verb[with object] archaic or literary
1Engulf, submerge, or bury (someone or something): a swimmer whelmed in a raging storm
More example sentences
- All the faults of the Italian people are whelmed in forgiveness as soon as their music sounds under the Italian sky.
- The envious billows sidelong well to whelm my track; let them; but first I pass.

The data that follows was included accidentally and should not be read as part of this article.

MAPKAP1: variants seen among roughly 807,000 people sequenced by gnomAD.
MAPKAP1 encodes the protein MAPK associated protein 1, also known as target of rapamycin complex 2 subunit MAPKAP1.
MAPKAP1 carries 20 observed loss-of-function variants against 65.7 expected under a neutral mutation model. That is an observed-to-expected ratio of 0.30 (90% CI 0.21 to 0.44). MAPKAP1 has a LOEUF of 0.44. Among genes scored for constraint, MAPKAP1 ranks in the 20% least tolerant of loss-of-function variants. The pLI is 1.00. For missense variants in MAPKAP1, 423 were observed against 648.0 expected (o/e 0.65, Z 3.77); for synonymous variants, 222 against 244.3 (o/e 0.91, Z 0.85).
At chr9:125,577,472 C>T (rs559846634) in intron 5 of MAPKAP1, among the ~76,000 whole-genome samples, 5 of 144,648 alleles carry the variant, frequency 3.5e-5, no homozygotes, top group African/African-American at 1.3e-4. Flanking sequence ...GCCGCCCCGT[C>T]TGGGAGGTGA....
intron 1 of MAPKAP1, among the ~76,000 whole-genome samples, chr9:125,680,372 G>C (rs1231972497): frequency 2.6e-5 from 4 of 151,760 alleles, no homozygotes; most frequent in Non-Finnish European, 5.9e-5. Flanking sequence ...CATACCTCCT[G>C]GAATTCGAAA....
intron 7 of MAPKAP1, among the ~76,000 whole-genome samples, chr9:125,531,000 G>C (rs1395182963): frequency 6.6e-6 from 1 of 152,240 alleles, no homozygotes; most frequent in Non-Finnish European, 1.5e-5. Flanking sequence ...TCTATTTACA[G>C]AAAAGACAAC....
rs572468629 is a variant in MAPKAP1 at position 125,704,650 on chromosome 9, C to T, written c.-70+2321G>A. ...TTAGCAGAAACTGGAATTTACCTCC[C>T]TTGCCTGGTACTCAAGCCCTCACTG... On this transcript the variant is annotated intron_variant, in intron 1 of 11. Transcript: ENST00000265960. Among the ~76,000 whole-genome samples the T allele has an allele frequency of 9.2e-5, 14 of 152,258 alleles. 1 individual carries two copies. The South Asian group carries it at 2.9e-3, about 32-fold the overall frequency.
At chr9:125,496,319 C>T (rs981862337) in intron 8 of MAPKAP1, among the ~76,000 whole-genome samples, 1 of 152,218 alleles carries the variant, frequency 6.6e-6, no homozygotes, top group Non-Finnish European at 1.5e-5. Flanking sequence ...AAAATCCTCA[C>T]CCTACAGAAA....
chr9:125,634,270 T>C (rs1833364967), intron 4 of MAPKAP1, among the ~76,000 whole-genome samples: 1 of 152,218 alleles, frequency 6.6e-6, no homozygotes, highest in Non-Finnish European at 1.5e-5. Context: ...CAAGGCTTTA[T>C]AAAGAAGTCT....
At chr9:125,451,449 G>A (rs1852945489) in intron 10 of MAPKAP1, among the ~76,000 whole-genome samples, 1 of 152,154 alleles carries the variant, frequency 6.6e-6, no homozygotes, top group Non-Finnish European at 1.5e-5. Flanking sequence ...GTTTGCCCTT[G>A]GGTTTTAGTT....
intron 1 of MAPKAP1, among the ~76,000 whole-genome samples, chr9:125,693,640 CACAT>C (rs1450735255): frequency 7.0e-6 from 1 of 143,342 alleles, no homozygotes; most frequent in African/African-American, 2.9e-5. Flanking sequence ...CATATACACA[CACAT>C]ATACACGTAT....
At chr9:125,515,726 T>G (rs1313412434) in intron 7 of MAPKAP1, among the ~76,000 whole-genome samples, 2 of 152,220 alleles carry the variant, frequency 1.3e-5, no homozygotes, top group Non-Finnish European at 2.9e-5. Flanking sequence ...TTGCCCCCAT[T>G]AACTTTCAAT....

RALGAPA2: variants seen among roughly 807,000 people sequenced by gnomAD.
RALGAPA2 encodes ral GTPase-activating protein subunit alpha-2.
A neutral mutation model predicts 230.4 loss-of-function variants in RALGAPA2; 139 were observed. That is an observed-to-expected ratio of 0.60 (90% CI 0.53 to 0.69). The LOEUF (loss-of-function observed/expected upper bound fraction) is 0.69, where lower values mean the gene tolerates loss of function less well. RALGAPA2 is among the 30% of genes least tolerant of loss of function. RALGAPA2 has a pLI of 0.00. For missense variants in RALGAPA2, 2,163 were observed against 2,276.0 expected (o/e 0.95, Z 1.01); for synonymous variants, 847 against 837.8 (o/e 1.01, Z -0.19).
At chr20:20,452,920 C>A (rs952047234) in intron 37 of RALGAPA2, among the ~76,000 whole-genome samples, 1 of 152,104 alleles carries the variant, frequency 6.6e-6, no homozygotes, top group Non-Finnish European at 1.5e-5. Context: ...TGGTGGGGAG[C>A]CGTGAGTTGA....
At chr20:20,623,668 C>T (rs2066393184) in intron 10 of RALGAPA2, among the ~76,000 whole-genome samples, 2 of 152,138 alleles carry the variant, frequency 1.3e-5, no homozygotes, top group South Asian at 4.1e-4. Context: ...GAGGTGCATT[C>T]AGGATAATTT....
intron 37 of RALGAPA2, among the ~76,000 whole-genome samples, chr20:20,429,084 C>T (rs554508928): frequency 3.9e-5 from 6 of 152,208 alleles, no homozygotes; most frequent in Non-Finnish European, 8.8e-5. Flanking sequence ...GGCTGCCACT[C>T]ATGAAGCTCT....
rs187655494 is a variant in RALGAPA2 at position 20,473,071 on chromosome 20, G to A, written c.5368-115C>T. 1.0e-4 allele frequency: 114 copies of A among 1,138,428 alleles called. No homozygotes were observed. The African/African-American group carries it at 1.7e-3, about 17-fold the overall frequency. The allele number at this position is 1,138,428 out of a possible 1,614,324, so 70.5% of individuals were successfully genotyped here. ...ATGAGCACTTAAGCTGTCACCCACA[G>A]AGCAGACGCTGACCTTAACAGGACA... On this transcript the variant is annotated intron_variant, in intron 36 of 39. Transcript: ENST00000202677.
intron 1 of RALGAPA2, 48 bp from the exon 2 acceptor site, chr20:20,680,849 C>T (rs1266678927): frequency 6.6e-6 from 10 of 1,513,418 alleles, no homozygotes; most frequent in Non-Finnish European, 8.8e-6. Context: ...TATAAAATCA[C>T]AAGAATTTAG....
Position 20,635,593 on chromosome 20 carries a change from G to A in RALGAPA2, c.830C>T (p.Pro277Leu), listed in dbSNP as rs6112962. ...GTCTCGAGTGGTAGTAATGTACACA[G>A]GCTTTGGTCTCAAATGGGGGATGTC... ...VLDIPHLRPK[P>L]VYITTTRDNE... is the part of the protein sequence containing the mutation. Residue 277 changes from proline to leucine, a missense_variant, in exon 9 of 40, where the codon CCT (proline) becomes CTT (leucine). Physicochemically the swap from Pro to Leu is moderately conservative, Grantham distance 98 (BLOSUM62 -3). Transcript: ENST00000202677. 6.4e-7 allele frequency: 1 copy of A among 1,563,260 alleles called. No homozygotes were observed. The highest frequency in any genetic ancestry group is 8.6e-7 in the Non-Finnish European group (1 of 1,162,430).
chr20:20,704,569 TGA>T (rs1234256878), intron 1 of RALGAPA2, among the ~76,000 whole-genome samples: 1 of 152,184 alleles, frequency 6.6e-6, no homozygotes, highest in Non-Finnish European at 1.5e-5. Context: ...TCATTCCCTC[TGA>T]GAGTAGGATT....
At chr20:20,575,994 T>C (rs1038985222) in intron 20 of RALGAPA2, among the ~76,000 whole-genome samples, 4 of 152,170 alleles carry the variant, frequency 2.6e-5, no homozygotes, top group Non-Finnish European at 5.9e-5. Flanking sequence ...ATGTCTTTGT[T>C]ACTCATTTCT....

nounarchaic or literary Back to top
Middle English: representing an Old English form parallel to hwelfan 'overturn (a vessel)'.
Definition of whelm in:
- The British & World English dictionary